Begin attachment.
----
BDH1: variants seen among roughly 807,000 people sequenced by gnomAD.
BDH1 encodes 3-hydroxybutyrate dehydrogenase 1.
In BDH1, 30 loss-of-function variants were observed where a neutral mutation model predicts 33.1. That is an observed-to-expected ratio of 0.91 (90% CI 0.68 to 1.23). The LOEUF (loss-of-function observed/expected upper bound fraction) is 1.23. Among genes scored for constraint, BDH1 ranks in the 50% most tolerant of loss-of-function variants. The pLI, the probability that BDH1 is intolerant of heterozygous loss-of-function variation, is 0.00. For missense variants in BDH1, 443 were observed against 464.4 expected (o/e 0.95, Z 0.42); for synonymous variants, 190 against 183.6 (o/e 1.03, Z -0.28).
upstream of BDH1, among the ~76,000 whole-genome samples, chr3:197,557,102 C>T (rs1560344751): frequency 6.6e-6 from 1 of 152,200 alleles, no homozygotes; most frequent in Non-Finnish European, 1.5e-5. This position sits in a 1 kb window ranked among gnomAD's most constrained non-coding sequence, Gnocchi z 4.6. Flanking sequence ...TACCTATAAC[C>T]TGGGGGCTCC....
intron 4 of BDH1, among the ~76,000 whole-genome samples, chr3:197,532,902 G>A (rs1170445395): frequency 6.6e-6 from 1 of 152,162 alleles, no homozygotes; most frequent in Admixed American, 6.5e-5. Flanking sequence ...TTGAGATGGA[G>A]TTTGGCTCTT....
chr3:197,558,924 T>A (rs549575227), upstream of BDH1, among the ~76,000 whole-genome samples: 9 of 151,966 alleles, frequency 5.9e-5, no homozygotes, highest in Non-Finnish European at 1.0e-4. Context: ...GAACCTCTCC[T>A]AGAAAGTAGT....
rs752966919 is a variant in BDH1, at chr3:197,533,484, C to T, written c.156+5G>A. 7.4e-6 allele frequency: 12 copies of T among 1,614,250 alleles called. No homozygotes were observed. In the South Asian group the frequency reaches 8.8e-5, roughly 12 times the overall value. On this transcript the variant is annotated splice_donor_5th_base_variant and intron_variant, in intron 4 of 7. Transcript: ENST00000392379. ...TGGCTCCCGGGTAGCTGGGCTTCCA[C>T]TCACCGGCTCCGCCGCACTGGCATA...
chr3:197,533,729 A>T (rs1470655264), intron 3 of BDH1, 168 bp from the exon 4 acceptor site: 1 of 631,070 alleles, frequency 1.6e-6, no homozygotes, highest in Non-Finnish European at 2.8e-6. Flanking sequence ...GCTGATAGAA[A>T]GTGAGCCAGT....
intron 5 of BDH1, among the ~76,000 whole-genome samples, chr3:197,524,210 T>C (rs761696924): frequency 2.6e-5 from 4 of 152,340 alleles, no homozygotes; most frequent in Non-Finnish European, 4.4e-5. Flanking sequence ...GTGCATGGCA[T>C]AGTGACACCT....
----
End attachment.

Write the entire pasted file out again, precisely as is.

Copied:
BDH1: variants seen among roughly 807,000 people sequenced by gnomAD.
BDH1 encodes 3-hydroxybutyrate dehydrogenase 1.
In BDH1, 30 loss-of-function variants were observed where a neutral mutation model predicts 33.1. That is an observed-to-expected ratio of 0.91 (90% CI 0.68 to 1.23). The LOEUF (loss-of-function observed/expected upper bound fraction) is 1.23. Among genes scored for constraint, BDH1 ranks in the 50% most tolerant of loss-of-function variants. The pLI, the probability that BDH1 is intolerant of heterozygous loss-of-function variation, is 0.00. For missense variants in BDH1, 443 were observed against 464.4 expected (o/e 0.95, Z 0.42); for synonymous variants, 190 against 183.6 (o/e 1.03, Z -0.28).
upstream of BDH1, among the ~76,000 whole-genome samples, chr3:197,557,102 C>T (rs1560344751): frequency 6.6e-6 from 1 of 152,200 alleles, no homozygotes; most frequent in Non-Finnish European, 1.5e-5. This position sits in a 1 kb window ranked among gnomAD's most constrained non-coding sequence, Gnocchi z 4.6. Flanking sequence ...TACCTATAAC[C>T]TGGGGGCTCC....
intron 4 of BDH1, among the ~76,000 whole-genome samples, chr3:197,532,902 G>A (rs1170445395): frequency 6.6e-6 from 1 of 152,162 alleles, no homozygotes; most frequent in Admixed American, 6.5e-5. Flanking sequence ...TTGAGATGGA[G>A]TTTGGCTCTT....
chr3:197,558,924 T>A (rs549575227), upstream of BDH1, among the ~76,000 whole-genome samples: 9 of 151,966 alleles, frequency 5.9e-5, no homozygotes, highest in Non-Finnish European at 1.0e-4. Context: ...GAACCTCTCC[T>A]AGAAAGTAGT....
rs752966919 is a variant in BDH1, at chr3:197,533,484, C to T, written c.156+5G>A. 7.4e-6 allele frequency: 12 copies of T among 1,614,250 alleles called. No homozygotes were observed. In the South Asian group the frequency reaches 8.8e-5, roughly 12 times the overall value. On this transcript the variant is annotated splice_donor_5th_base_variant and intron_variant, in intron 4 of 7. Transcript: ENST00000392379. ...TGGCTCCCGGGTAGCTGGGCTTCCA[C>T]TCACCGGCTCCGCCGCACTGGCATA...
chr3:197,533,729 A>T (rs1470655264), intron 3 of BDH1, 168 bp from the exon 4 acceptor site: 1 of 631,070 alleles, frequency 1.6e-6, no homozygotes, highest in Non-Finnish European at 2.8e-6. Flanking sequence ...GCTGATAGAA[A>T]GTGAGCCAGT....
intron 5 of BDH1, among the ~76,000 whole-genome samples, chr3:197,524,210 T>C (rs761696924): frequency 2.6e-5 from 4 of 152,340 alleles, no homozygotes; most frequent in Non-Finnish European, 4.4e-5. Flanking sequence ...GTGCATGGCA[T>C]AGTGACACCT....